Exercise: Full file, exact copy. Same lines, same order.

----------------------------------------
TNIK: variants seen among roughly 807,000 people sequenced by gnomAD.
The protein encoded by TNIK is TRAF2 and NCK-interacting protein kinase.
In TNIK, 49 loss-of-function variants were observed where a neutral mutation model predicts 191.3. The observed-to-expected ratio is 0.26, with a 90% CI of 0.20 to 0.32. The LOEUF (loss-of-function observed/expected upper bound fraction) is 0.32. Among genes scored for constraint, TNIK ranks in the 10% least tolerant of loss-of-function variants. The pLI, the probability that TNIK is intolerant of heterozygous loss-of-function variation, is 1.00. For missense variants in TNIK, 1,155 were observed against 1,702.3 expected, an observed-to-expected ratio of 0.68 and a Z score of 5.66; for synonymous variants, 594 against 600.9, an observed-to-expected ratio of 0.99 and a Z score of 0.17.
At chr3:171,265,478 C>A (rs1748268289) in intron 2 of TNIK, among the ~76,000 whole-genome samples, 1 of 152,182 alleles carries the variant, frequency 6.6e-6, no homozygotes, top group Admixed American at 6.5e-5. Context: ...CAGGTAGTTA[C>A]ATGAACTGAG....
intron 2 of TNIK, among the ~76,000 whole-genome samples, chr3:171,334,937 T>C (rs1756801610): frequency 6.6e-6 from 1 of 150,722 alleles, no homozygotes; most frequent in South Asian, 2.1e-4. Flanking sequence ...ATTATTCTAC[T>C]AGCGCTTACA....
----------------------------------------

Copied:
TNIK: variants seen among roughly 807,000 people sequenced by gnomAD.
The protein encoded by TNIK is TRAF2 and NCK-interacting protein kinase.
In TNIK, 49 loss-of-function variants were observed where a neutral mutation model predicts 191.3. The observed-to-expected ratio is 0.26, with a 90% CI of 0.20 to 0.32. The LOEUF (loss-of-function observed/expected upper bound fraction) is 0.32. Among genes scored for constraint, TNIK ranks in the 10% least tolerant of loss-of-function variants. The pLI, the probability that TNIK is intolerant of heterozygous loss-of-function variation, is 1.00. For missense variants in TNIK, 1,155 were observed against 1,702.3 expected, an observed-to-expected ratio of 0.68 and a Z score of 5.66; for synonymous variants, 594 against 600.9, an observed-to-expected ratio of 0.99 and a Z score of 0.17.
At chr3:171,265,478 C>A (rs1748268289) in intron 2 of TNIK, among the ~76,000 whole-genome samples, 1 of 152,182 alleles carries the variant, frequency 6.6e-6, no homozygotes, top group Admixed American at 6.5e-5. Context: ...CAGGTAGTTA[C>A]ATGAACTGAG....
intron 2 of TNIK, among the ~76,000 whole-genome samples, chr3:171,334,937 T>C (rs1756801610): frequency 6.6e-6 from 1 of 150,722 alleles, no homozygotes; most frequent in South Asian, 2.1e-4. Flanking sequence ...ATTATTCTAC[T>C]AGCGCTTACA....